Distant children excluded from end-of-year activities in person

Screenshot / via HUDTV
Parent Beth Langlois addresses the Hudson School Committee at its May 25 meeting.

By Laura Hayes, Contributing writer

HUDSON – With the end of the school year, the Hudson Public School District is preparing for its end of year activities.

However, one parent expressed disappointment that distant students – especially distant fourth graders – were excluded from these in-person celebrations.

“I was really hoping we could have had at least one fourth-grade graduation ceremony outside to include all fourth-graders,” parent Beth Langlois said at the school committee meeting on 25 may.

In April, Langlois chose to have his children stay in the distance learning program so that they didn’t have to change teachers towards the end of the school year and return to a school they hadn’t been to since. more than a year.

“It just didn’t make sense,” she said. “It would have been too disruptive.”

She thanked Assistant Directors Rachel Scanlon and Judy Merra for their work on the remote program.

“I know they are working to make their Virtual Fun Day special, and I’m sure it will be amazing,” Langlois said. “It’s not what our kids wanted. They wanted to be there in person, but I appreciate everything they do.

According to a schedule provided to the Community Advocate by Superintendent Marco Rodrigues, in addition to the end-of-year virtual activities for all distant students, fourth-grade teachers are planning a special virtual ceremony for distant students.

Part of this ceremony will include messages from district leaders, principals and teachers, a group poem and a film reflecting the year of the students together.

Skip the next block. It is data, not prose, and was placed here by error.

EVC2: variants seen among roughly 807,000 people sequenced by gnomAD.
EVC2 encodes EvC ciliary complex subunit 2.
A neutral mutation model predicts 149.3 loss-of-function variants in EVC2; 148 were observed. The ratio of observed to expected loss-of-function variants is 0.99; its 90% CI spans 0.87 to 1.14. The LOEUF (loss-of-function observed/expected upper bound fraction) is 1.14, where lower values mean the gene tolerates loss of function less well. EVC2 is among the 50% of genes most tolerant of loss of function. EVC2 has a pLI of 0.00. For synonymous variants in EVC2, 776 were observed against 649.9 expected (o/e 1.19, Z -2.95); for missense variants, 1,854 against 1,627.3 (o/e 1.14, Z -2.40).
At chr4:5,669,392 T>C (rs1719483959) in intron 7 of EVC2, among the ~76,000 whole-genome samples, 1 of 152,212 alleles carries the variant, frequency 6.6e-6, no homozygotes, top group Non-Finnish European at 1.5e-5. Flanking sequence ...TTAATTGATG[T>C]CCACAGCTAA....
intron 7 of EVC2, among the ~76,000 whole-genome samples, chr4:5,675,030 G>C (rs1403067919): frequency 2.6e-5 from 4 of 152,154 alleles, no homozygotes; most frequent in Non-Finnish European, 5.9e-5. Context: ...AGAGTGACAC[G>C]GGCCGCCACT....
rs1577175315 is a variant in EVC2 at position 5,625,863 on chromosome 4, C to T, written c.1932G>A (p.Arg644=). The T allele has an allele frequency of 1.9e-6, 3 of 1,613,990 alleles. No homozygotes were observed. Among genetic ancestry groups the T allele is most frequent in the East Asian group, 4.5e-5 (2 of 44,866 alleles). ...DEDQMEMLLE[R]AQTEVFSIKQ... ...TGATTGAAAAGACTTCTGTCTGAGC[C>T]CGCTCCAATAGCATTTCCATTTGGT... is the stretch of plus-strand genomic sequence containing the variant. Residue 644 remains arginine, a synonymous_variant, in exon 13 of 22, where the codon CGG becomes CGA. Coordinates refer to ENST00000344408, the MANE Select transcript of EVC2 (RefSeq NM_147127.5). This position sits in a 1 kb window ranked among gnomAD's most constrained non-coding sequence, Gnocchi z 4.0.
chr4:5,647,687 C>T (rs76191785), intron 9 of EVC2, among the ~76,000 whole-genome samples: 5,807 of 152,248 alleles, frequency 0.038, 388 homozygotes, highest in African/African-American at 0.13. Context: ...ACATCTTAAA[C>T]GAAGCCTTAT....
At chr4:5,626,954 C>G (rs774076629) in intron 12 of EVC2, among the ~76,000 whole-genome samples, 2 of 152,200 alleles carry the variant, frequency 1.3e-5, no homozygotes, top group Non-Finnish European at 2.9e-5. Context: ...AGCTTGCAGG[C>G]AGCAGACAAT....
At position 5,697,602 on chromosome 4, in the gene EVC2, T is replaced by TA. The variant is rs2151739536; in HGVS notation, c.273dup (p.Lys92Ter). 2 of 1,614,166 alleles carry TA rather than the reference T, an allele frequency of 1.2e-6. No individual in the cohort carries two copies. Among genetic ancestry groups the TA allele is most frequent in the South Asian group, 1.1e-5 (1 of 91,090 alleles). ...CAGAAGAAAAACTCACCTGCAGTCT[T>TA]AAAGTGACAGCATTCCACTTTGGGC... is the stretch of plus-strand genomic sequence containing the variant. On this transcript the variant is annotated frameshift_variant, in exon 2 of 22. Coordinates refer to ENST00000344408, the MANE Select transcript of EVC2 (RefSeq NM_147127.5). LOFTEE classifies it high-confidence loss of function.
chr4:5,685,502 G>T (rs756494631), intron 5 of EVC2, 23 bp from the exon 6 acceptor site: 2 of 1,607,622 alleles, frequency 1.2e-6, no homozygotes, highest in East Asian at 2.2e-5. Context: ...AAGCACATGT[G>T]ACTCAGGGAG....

Like their peers in person, distant students will also receive a t-shirt and yearbook from their home school.

“Our principals and teachers have done a great job adjusting and modifying year-end activities to comply with current COVID-19 restrictions,” Rodrigues said in an email.

He added that although Gov. Charlie Baker lifted most COVID-19 restrictions as of May 29, restrictions remain in place for schools except for the outdoor mask mandate.

School committee member Chris Yates told the meeting that the committee had received “a lot” of emails on this topic.

“I totally disagree with the decision not to include distance learning students in year-end activities,” Yates said.

He asked Rodrigues and the directors to reconsider the decision.

“I think these kids have gone through enough, especially the students who have stayed away,” Yates said.

Distance students will participate in Fly Up Day

As the discussion focused on the year-end celebrations, the topic of the fourth year “Fly Up Day” was also brought up in the conversation.

Typically, fourth graders participate in “Fly Up Day,” which allows them to take a tour of Quinn Middle School with current students.

With distant fourth-graders unable to participate in the year-end celebrations in person, Langlois expressed concern that they would be excluded from a Fly Up Day in person.

“There’s a lot to be said about the camaraderie of joining your other classmates and quite frankly feeling included,” Langlois said.

Rodrigues said the distance students will participate in the Fly Up to Quinn day as a cohort.

He said Fly Up Day would take place over a period of three days and that distant students would be heading to school one of those days.

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